In the morning Luke arrived and we all set off to Brighton with Dave on another lovely summers day.




luke in full flow - photo - dave randell

The Real Music Club is housed in The Brunswick pub not far from the sea front in Hove. I like it mostly because it is about a community of musicians and supporters providing an intimate venue for a diverse range of music. It isn't about making money and a lot of voluntary work goes into making it the very special venue it has become. The sound check went well thanks to Lewis the sound engineer. 




photo - dave randell

Luke started the proceedings with an accomplished set of songs including his cover version of Kate Bush's Running Up That Hill. You might think me biased but I swear this is the best version ever. The songs Battersea, The Letter along with others were as haunting an as evocative as ever and he finished with a new song. I was pleased to see how the audience connected with the music and how Luke has grown as a performer over the past few months. Yes I am his very proud father but catch him and you will see why.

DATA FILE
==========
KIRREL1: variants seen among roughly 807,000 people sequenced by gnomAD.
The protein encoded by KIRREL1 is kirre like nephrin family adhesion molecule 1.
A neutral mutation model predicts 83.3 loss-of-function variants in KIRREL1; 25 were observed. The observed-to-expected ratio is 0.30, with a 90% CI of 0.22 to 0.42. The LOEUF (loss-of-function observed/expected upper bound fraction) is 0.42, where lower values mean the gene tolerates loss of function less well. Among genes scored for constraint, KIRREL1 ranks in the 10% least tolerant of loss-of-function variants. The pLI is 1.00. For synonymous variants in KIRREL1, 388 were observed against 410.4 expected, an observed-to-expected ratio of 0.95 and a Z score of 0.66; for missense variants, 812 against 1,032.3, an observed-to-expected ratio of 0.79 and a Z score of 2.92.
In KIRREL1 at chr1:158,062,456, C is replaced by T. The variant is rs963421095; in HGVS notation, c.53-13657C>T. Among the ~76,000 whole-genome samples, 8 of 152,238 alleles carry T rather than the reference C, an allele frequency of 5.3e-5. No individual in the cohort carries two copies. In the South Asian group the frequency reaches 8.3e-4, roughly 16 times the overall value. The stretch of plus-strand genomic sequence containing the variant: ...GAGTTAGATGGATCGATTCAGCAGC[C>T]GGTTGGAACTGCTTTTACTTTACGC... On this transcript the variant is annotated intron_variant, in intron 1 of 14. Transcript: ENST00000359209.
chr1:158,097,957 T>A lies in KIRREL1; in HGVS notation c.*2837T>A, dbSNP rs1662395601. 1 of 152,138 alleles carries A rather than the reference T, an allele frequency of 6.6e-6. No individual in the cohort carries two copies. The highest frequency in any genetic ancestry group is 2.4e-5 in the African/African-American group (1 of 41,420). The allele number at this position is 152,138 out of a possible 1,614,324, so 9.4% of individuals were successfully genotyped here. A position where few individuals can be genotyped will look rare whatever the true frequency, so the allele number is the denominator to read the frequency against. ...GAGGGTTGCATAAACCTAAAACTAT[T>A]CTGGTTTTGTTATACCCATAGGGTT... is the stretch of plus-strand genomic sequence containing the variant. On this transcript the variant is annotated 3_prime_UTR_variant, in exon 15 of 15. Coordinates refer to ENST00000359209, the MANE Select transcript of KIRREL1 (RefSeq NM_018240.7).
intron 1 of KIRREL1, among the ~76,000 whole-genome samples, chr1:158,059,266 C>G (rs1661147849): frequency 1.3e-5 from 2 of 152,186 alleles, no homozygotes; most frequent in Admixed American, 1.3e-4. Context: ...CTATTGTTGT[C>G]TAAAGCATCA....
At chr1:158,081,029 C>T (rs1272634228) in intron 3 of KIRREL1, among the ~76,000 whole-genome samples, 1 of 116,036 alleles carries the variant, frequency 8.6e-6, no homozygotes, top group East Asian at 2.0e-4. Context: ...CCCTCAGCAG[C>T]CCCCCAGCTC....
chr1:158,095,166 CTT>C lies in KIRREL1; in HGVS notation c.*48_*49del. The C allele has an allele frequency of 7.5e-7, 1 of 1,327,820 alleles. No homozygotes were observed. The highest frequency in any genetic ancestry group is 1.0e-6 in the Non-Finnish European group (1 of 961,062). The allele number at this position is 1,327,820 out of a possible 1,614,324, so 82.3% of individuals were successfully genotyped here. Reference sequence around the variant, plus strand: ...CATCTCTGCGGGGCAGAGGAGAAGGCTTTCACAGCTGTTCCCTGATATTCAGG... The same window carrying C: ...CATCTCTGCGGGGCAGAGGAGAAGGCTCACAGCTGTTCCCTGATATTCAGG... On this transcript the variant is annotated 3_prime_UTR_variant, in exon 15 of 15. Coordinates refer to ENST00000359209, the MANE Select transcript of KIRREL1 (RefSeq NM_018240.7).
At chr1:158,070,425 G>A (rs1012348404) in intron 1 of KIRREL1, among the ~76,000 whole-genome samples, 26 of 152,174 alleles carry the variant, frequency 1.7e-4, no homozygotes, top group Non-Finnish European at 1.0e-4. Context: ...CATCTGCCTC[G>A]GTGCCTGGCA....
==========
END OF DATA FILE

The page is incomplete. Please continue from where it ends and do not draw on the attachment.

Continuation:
photo - dave randell

The Kites followed. They are a three piece close harmony folk group with a tinge of jazz. They are polished and make a very sweet blend with three voices, guitar, ukelele, xylophone and cajon. Some very nice song writing was evident here and the delivery provided a seamless journey through a range of diverse and some times surprising topics. 

So the bar was set quite high by the time it was my turn to play. I think I just poured it all out. Having an hour to play as distinct from the forty minutes at the festival on the previous day, allowed me to play with the order of songs and extend the stories around the songs. 




photos - dave randell

The sound was sublime and I enjoyed playing so much. I experimented vocally a little bit more than usual and found a few new tones. I think this might have been my best performance at the Real Music Club. As always , I look forward to the next time. It was special to hook up with old friends like Shoreham Steve and son at the gig. It was very cool to finally give guest tickets to Alan Obee and Jude who won a blog competition on here a while ago but were unable to come to a gig until now. Lovely to see you all.